A supposedly secret ceremony written by Rudyard Kipling in 1922 to indoctrinate engineers into the profession. Originally held in Toronto, the ritual has spread worldwide. The ceremony is not actually a secret, but spreading the details of the ceremony is discouraged.

The Ritual of the Calling of an Engineer is a ritual that all Canadian engineers are expected to participate in before they work in their profession. The ritual is optional, but it's hard to see why it would be refused.

The ritual is managed by The Corporation of the Seven Wardens, a volunteer group that exists only to oversee the ceremony. The ceremony itself exists to remind engineers of their obligations towards public safety before profit. The details of the ceremony were somewhat secret. Up until a few years ago the only people allowed to be in the room during the ritual were engineers taking the obligation and engineers running the ceremony. Recently, however, it was opened up to the families of the new engineers.

The first suggestion of a ceremony for professional engineers was made in 1925 by Professor H. E. T. Haultin at the 36th annual professional meeting of the Engineering Institute of Canada in Montreal. He foresaw something akin to the Hippocratic Oath for doctors, except pertaining to the engineer's duty in maintaining public safety. Prof. Haultin wrote to British author Rudyard Kipling, asking him to develop a ceremony. Rudyard Kipling had previously been to Canada and marvelled at the Canadian Pacific Railway that span the country, and at the rapid development of the oil and gas industry. In three weeks he created The Ritual of the Calling of an Engineer and described it in a letter. Prof. Haultin and seven previous presidents of the Engineering Institute of Canada took the ritual, and they set up the Corporation of the Seven Wardens to administer the ritual to other practicing engineers.

During the ceremony, an engineer is given an Iron Ring. The iron ring is a simple, rough cut circle with a total value of around ten dollars. At first, the Seven Wardens wanted to make the ring finer and more impressive, but Kipling showed its simple appearance could be part of its meaning. He wrote:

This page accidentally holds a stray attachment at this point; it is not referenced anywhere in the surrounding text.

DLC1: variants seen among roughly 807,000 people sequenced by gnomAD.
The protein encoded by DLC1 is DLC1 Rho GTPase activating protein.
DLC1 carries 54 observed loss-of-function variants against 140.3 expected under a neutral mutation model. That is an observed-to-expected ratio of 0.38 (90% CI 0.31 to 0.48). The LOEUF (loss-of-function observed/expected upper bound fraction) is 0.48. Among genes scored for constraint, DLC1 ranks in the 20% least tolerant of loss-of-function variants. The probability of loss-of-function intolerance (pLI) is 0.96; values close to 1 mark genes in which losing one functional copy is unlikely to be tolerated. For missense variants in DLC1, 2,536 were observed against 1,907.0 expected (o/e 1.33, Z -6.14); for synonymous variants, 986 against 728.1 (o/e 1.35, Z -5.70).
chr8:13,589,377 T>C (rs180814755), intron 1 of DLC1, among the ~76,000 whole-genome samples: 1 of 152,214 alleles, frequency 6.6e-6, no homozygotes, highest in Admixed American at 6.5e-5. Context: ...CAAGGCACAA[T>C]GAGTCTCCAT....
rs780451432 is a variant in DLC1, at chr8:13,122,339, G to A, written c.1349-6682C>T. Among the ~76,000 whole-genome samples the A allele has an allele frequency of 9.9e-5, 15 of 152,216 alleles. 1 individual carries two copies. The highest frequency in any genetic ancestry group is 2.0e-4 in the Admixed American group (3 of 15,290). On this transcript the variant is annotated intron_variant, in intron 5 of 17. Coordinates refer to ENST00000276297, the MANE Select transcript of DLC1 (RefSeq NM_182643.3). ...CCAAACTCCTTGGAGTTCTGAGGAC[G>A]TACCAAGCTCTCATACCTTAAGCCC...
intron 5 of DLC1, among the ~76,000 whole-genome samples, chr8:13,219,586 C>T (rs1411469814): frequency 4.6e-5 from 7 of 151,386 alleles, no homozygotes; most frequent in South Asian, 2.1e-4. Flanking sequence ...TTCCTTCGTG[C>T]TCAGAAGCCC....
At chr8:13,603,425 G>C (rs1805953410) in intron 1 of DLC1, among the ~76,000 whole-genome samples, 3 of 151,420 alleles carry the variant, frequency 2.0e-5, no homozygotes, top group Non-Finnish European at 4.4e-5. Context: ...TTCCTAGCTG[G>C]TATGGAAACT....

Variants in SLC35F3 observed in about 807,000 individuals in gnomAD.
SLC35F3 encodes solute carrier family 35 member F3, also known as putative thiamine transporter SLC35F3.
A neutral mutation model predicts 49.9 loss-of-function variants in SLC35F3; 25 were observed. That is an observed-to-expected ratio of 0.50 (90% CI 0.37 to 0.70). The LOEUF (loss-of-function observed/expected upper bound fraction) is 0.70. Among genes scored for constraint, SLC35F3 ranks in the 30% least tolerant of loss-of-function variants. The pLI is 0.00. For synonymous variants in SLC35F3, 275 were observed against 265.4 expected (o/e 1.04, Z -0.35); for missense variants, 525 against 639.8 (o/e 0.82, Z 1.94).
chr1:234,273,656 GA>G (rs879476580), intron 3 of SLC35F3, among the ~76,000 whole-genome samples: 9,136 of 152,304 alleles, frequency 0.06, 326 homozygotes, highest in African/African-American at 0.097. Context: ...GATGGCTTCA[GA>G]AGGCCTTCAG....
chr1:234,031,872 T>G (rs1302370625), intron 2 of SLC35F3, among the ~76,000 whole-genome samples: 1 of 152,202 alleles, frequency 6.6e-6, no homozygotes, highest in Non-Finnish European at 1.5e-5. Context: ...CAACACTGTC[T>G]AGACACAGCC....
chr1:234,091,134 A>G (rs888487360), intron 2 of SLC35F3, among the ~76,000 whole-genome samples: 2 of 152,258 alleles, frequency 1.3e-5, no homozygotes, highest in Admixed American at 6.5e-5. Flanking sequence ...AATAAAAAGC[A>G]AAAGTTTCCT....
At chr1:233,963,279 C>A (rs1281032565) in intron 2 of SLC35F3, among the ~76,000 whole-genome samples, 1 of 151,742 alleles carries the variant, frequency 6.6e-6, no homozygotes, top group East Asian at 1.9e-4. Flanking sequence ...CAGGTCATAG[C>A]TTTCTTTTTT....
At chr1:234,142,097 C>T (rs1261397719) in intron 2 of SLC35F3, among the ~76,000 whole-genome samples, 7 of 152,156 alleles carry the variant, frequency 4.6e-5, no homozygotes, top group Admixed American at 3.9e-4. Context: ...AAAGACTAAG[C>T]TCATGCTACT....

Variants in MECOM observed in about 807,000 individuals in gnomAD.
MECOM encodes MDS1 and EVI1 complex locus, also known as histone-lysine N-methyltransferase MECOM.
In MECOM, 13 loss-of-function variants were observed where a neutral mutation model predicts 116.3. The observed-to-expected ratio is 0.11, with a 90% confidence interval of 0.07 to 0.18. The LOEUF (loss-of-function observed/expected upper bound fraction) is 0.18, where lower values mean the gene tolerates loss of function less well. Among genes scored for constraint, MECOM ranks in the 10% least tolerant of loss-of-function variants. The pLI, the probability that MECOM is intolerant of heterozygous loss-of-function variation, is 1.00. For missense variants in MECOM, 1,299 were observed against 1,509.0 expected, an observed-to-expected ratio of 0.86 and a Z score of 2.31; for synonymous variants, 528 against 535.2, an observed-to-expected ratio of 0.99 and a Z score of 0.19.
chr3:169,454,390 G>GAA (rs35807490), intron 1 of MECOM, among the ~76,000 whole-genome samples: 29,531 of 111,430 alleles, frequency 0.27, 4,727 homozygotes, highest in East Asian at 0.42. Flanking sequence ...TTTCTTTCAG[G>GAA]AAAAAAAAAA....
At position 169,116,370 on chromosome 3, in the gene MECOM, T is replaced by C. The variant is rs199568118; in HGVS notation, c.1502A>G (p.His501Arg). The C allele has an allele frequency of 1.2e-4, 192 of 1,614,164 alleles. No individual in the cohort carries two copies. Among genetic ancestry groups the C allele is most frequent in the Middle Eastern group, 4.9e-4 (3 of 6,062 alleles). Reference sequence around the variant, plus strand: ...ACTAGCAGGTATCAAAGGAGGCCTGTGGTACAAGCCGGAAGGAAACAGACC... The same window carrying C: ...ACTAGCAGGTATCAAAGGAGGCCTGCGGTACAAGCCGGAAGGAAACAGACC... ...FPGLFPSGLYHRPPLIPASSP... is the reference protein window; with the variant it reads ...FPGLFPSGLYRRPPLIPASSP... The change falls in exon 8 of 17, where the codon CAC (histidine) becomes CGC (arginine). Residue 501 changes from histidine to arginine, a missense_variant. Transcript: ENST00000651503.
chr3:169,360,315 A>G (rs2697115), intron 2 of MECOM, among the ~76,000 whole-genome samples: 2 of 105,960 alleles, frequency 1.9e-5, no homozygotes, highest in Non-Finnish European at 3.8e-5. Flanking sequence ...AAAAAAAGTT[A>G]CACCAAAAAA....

It is rough as the mind of the young. It is not smoothed at the edges, any more than the character of the young. It is hand-hammered all around and the young have their hammerings coming to them. It has neither beginning nor end, any more than the work of an Engineer, or as we know Space itself. It will cut into a gold ring if worn next to it: thus showing that one had better keep one's money-getting quite seperate.

The ring is given by an engineer who has already taken the obligation, and is to be worn on the pinky finger of the dominant hand (i.e. the one you write with).

There is much more to the ceremony than just the ring, but I will say no more than that it involves engineering landmarks local to the area that the ceremony is performed in, in particular reminders of great engineering works and great engineering failures. As well, a biblical passage is quoted: 2 Esdras, Chapter 4, Verses 5-10. Also, one of Kipling's poems, either Hymn of Breaking Strain or Martha's Sons, is recited.

There is some criticism that the ceremony is sexist or overtly Christian. In defence, the ceremony sounds religious and sexist due to the old, c. 1920's, English used. The bible passage is actually part of the Apocrypha and not accepted by the Roman Catholic Church. It serves only to remind us of the the limits of human knowledge, and is not intended for worship. Though sexism and Christianity appear in the ceremony, the ritual was not designed to have either, and it is worth ignoring this lack of political correctness in order to partake in the obligation of the engineer.

Historical Overview of The Ritual of the Calling of an Engineer; brochure, Camp 18, Calgary.

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